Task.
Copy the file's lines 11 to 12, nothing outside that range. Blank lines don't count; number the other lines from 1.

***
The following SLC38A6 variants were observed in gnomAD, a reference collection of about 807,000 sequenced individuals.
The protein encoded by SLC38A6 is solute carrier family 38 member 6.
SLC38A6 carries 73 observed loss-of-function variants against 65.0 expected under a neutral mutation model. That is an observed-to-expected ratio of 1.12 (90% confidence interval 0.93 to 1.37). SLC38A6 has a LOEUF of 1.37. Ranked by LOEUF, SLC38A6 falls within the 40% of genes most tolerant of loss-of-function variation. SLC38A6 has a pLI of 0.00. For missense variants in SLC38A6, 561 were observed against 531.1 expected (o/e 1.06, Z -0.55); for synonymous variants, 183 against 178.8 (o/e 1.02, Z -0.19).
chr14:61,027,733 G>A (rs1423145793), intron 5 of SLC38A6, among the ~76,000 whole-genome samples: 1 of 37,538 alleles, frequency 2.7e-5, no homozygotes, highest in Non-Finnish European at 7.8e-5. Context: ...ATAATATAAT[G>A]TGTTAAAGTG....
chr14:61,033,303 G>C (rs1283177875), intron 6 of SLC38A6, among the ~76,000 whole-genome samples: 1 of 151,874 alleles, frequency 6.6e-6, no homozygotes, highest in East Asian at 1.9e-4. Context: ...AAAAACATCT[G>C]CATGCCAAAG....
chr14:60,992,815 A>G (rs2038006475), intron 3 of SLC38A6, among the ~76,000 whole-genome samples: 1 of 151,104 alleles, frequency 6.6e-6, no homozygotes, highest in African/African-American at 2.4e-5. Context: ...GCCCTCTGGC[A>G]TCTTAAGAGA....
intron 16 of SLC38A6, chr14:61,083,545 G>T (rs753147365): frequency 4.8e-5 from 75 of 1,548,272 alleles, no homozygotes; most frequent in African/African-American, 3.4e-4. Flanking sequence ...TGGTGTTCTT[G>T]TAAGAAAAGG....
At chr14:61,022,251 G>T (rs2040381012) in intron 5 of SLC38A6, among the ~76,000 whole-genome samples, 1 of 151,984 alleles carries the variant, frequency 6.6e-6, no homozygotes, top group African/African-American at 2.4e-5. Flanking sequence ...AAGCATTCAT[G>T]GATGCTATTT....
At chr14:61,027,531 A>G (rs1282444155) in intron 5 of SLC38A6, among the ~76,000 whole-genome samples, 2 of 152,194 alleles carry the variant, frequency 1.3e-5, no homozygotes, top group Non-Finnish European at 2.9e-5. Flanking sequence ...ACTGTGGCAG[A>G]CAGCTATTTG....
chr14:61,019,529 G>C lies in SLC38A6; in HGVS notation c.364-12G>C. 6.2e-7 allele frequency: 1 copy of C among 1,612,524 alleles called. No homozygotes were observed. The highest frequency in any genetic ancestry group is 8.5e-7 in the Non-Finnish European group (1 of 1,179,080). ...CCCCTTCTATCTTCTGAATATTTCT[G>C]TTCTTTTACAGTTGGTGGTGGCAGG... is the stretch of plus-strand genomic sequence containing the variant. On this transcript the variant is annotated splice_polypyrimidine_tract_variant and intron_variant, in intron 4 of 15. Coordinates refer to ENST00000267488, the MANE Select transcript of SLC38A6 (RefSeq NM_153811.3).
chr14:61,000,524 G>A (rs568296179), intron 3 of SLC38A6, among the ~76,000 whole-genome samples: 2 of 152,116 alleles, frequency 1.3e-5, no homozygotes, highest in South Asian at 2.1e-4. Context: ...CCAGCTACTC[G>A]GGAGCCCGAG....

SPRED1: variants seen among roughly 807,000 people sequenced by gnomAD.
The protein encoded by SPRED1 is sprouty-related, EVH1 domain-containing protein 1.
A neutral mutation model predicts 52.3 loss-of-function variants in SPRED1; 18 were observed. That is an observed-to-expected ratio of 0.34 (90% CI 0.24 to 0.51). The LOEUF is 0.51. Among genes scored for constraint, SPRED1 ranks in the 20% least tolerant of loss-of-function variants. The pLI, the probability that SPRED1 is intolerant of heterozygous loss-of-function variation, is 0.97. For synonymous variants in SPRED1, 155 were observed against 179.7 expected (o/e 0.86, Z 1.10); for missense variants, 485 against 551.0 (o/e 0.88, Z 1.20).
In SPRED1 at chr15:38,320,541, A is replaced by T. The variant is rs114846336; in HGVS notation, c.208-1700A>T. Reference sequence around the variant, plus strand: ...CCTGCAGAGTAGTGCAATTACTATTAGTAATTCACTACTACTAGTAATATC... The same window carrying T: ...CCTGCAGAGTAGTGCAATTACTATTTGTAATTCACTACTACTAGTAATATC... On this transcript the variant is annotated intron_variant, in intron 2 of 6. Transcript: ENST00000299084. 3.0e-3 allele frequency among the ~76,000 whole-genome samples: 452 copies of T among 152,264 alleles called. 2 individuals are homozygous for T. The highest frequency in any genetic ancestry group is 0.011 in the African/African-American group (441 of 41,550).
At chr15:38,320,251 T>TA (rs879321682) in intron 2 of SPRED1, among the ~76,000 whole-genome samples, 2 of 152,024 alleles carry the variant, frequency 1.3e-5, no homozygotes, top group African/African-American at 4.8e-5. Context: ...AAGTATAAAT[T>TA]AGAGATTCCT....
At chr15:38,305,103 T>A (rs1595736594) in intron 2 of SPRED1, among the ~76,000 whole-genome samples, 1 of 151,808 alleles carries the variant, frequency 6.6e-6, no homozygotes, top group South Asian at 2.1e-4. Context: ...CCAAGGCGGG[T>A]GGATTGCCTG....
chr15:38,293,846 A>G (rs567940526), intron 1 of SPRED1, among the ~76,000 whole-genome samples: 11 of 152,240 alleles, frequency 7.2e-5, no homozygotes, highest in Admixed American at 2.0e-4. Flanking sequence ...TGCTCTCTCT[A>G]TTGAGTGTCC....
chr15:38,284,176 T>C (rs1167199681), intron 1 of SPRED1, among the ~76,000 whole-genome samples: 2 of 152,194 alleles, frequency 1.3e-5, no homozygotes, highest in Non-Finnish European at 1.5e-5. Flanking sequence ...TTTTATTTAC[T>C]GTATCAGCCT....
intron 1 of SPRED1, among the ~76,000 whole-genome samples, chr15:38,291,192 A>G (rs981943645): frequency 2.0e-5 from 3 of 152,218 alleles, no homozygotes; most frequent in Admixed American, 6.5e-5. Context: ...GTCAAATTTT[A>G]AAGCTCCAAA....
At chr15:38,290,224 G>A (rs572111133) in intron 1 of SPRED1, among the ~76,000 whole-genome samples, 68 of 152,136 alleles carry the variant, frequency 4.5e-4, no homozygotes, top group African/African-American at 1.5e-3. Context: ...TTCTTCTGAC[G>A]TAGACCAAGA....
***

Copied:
chr14:61,000,524 G>A (rs568296179), intron 3 of SLC38A6, among the ~76,000 whole-genome samples: 2 of 152,116 alleles, frequency 1.3e-5, no homozygotes, highest in South Asian at 2.1e-4. Context: ...CCAGCTACTC[G>A]GGAGCCCGAG....

SPRED1: variants seen among roughly 807,000 people sequenced by gnomAD.